Improving patients' lives through research


The Department of Anesthesiology at The Ohio State University Wexner Medical Center is currently involved in many clinical and basic science studies. Our research efforts are interdisciplinary across a wide spectrum and include multiple investigators. Although the Department of Anesthesiology is involved in many clinical studies of investigational drugs, medical-monitoring devices, clinical techniques and biomedical mechanisms, many of its research projects involve the causes of cardiovascular disease.

Exciting research opportunities exist in these areas for students, postdoctoral researchers, residents, basic researchers and medical scientists.
Collaboration and research areas

Collaboration and research areas

The Department of Anesthesiology has an association or partnership with many departments, divisions and institutions that are involved in biomedical research. This research spans across several areas of interest.

Brain Activation Caused by Pain

The nervous system is also an area of investigation. One study involves brain activation caused by pain and the signal attenuation over time within activated areas of the brain. The amount and duration of pain signal attenuation over time was examined. We found significant differences between pain and tingling in the ipsilateral cerebellum, contralateral thalamus, secondary somatosensory cortex, primary somatosensory cortex and anterior cingulate cortex. Highly significant signal decay was found to exist across each single pain task, but the signal was found to be restored after a four-minute rest period. This work shows that serial pain tasks can be used for functional magnetic resonance imaging studies using electrical nerve stimulation as a stimulus, as long as sufficient time is allowed between the two tasks.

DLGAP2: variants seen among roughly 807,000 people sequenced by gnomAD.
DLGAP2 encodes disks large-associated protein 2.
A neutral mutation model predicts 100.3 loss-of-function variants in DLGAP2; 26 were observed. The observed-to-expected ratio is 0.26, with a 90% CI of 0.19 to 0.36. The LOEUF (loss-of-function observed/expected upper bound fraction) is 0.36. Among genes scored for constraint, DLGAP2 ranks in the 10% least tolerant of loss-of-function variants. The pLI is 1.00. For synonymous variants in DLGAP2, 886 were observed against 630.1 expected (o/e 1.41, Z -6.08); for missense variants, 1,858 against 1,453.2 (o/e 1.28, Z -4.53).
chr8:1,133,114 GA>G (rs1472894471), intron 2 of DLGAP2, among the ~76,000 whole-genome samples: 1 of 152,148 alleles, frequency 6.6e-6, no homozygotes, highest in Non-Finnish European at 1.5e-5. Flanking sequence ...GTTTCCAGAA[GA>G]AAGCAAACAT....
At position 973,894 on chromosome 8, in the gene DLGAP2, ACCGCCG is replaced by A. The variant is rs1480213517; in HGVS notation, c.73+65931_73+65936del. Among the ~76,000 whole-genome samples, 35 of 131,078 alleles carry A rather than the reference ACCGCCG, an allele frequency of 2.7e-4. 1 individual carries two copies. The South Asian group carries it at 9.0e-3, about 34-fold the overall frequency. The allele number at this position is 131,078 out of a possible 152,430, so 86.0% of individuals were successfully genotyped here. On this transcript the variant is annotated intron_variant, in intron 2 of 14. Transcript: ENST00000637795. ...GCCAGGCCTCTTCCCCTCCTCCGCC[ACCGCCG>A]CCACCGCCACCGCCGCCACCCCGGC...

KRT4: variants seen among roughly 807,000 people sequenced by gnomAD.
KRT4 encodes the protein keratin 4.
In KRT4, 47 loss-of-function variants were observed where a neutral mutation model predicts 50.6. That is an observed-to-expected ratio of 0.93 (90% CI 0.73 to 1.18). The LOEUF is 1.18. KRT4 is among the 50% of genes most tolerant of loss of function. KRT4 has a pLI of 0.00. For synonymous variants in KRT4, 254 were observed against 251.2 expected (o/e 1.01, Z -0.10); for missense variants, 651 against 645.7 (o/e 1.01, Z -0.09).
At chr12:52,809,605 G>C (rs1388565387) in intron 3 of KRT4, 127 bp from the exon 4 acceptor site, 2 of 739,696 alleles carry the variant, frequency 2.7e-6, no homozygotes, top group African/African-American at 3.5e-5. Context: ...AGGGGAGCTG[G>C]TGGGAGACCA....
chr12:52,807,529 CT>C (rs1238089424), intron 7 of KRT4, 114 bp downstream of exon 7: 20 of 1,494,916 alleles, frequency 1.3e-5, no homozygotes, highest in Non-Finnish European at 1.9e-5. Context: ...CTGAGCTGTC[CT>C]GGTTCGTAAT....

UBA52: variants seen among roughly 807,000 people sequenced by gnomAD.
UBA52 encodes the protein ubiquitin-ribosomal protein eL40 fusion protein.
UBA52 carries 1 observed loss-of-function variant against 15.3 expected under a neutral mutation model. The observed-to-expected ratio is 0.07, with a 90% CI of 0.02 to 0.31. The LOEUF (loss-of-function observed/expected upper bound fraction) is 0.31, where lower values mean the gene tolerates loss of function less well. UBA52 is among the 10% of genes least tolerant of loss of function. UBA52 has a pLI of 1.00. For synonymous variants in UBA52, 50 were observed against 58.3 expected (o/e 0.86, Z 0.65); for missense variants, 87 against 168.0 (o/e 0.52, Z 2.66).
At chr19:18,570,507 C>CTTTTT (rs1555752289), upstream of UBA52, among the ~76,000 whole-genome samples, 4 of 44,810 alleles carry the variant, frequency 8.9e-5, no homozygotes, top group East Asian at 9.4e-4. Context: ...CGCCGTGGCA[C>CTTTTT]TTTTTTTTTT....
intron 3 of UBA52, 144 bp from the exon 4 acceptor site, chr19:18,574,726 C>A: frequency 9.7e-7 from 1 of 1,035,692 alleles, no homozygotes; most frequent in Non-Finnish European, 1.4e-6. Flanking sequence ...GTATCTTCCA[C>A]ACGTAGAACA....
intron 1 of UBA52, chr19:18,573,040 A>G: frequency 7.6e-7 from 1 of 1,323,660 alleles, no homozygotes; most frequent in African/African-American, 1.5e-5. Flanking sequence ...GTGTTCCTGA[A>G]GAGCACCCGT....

Gastrointestinal Nervous System

Another line of investigation involves the gastrointestinal nervous system (the human enteric nervous system). In this research, we are determining the effects of histamine on gastric mobility and complications in bowel disease by establishing the mechanisms by which histamine alters nerve function. We are establishing the localization of specific histaminergic receptor subtypes to functionally identified neurons in the human enteric nervous system.

Ischemic Spinal Cord Injury Studies

The department is also conducting ischemic spinal cord injury studies in thoracic aortic aneurysm patients and animal models. The department's completion of a wireless telemetry informatics suite (operating room model) enables the system to be used at Ohio State's Richard M. Ross Heart Hospital. This telemetry informatics suite includes high-security military grade encryption and the implementation of Microsoft's new web services. The success of the project is such that Microsoft has decided to showcase this work at The Ohio State University Wexner Medical Center on an international level.

Myocardial Impedance Device

The myocardial impedance device, invented by our department, allows real-time assessment of myocardial ischemia and graft viability. This simple, minimally invasive device is capable of determining changes in ischemia in a single minute and has already been used to test graft viability prior to the end of surgery, avoiding serious cardiovascular complications and improving patient safety and recovery while reducing the incidence of repeat surgeries due to ineffective grafts. We are also pursuing this technology for very rapid detection of acute rejection of the transplanted heart. 

Additional research areas

  • Cardiovascular research
  • GI and CNS research
  • Optical imaging techniques
  • Myocardial monitoring
  • Molecular biology
  • Second messenger systems
  • Animal models of disease for vascular
  • Peripheral vascular
  • Atherosclerosis
  • Heart failure/bio-impedance and inflammatory bowel disease to preconditioning in humans with supportive animal studies ongoing
  • System response during disease states by purine receptors and c-reactive proteins
  • Effects of down-regulation of b-receptors in heart failure and their influence on clinical management
  • Critical care medicine
  • Extracorporeal life support (ECLS and ECMO)